paranoia need look no further then Turkish Deputy Prime Minister Besir Atalay’s
comment on Tuesday that “Diaspora Jews” were responsible for the Gezi protests
that rocked his country last month.)
And the final concern regarding Egypt has
to do with how all this will impact Hamas. On paper, a weakened Muslim
Brotherhood should mean a weakened Hamas, as the Brotherhood was seen as Hamas’s older sibling and patron. In practice, the relationship between the two has not
been completely smooth.
Mohamed Morsi did not provide Hamas with all it
had hoped for – he clamped down on the arms smuggling into Gaza, and three
Hamas men were accused of taking part in last August’s attack that killed 16
Hamas has been quiet lately, both because of Israeli
deterrence and because of a sense of obligation to commitments it made
toward Morsi, who helped broker a cease-fire between Israel and Hamas in
November. If Hamas no longer feels committed to Morsi, it may no longer feel
obligated to keep the border quiet.
Israel and Egypt worked out an odd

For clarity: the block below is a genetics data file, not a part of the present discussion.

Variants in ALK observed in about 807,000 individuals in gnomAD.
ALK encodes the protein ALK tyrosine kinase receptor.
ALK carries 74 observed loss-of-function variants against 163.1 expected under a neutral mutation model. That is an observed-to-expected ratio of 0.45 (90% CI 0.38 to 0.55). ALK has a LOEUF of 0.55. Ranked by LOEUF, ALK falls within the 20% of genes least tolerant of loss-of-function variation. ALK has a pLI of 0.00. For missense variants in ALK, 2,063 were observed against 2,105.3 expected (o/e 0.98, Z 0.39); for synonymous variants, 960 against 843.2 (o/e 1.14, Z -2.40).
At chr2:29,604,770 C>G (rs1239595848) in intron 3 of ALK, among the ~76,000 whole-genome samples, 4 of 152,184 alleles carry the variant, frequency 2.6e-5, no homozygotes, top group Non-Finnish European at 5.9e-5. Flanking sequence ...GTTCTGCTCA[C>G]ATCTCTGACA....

modus vivendi during the year Morsi was in office. According to
the new rules, there is absolutely no contact between the countries’ leaders –
as there had been in the past – and even no contact at the level of foreign
minister to foreign minister. But there is a good channel of communications
between the militaries and defense establishments.
harbored any fantasy concerning Morsi. Steps he took in Sinai to crack
down on the anarchy there, or moves to stop arms smuggling into Gaza, or even
efforts to broker quiet between Israel and Hamas in Gaza were perceived as
things he did to protect his own interests.
From the day he took
office until today, there had been deep concern in Jerusalem because of his
extreme Islamic worldview, about how he would relate to Israel and the peace
treaty five or 10 years down the line, if he was ever able to get his chaotic
house in order.
That turned out to be a huge “if.”
When it comes to Egypt, Israel
can do little more than worry - and prepare for a worst-case